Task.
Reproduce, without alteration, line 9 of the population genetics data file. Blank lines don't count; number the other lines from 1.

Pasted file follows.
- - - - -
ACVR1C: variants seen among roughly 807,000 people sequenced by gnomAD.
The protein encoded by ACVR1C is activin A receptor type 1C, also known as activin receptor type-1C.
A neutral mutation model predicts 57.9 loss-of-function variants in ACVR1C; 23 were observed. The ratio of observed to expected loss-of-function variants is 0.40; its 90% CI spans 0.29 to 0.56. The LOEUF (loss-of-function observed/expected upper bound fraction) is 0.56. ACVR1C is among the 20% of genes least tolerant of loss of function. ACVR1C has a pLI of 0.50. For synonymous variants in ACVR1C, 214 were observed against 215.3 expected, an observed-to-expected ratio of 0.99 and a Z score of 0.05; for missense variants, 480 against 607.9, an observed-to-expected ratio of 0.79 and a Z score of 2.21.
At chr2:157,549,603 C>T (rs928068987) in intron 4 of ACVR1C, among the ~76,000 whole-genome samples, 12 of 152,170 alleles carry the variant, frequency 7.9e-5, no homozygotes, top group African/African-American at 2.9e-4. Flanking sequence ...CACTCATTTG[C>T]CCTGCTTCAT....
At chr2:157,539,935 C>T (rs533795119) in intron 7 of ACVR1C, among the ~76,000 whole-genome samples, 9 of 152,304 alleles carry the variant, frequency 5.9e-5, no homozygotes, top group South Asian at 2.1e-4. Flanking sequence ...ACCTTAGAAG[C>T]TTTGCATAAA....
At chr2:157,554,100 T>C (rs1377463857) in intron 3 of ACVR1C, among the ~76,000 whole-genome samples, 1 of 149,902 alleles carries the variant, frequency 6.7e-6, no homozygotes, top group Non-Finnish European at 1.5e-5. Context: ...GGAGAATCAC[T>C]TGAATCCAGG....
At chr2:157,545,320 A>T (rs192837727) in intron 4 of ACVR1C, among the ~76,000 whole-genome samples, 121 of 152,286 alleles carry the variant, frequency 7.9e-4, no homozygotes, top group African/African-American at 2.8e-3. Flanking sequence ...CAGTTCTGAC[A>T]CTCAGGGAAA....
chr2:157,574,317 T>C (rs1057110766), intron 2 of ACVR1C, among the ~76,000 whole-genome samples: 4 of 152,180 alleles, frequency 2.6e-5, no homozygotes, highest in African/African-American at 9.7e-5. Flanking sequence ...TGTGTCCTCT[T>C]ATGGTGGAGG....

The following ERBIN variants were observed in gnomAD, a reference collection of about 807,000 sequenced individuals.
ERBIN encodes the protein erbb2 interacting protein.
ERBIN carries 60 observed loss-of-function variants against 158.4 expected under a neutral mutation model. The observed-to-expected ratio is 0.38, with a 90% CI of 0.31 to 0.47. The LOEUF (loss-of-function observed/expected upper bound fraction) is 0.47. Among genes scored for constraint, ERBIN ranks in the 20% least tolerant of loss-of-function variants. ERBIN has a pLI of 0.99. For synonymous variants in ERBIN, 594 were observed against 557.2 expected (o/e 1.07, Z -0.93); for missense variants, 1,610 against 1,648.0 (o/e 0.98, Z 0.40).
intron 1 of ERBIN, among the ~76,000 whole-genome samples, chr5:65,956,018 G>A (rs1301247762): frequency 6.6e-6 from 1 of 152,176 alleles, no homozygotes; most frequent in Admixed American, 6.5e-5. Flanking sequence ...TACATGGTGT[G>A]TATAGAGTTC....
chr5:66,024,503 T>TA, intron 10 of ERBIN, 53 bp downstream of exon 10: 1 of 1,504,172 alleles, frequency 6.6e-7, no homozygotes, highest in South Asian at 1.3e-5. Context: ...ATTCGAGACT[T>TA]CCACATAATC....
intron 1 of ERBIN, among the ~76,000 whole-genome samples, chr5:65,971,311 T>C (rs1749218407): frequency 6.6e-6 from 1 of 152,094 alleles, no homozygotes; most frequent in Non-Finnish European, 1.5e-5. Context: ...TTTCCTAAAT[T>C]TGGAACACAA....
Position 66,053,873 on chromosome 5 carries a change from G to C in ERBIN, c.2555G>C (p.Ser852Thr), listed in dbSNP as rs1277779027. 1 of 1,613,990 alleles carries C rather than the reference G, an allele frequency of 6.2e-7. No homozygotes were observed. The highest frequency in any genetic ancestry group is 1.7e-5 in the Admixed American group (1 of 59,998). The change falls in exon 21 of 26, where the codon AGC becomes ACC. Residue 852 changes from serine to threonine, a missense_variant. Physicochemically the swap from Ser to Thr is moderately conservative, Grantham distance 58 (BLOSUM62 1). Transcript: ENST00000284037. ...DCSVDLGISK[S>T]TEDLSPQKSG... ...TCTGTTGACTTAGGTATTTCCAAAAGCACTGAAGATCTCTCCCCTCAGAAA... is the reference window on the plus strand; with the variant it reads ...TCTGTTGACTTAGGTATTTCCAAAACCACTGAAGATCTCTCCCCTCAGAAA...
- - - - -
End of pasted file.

The following ERBIN variants were observed in gnomAD, a reference collection of about 807,000 sequenced individuals.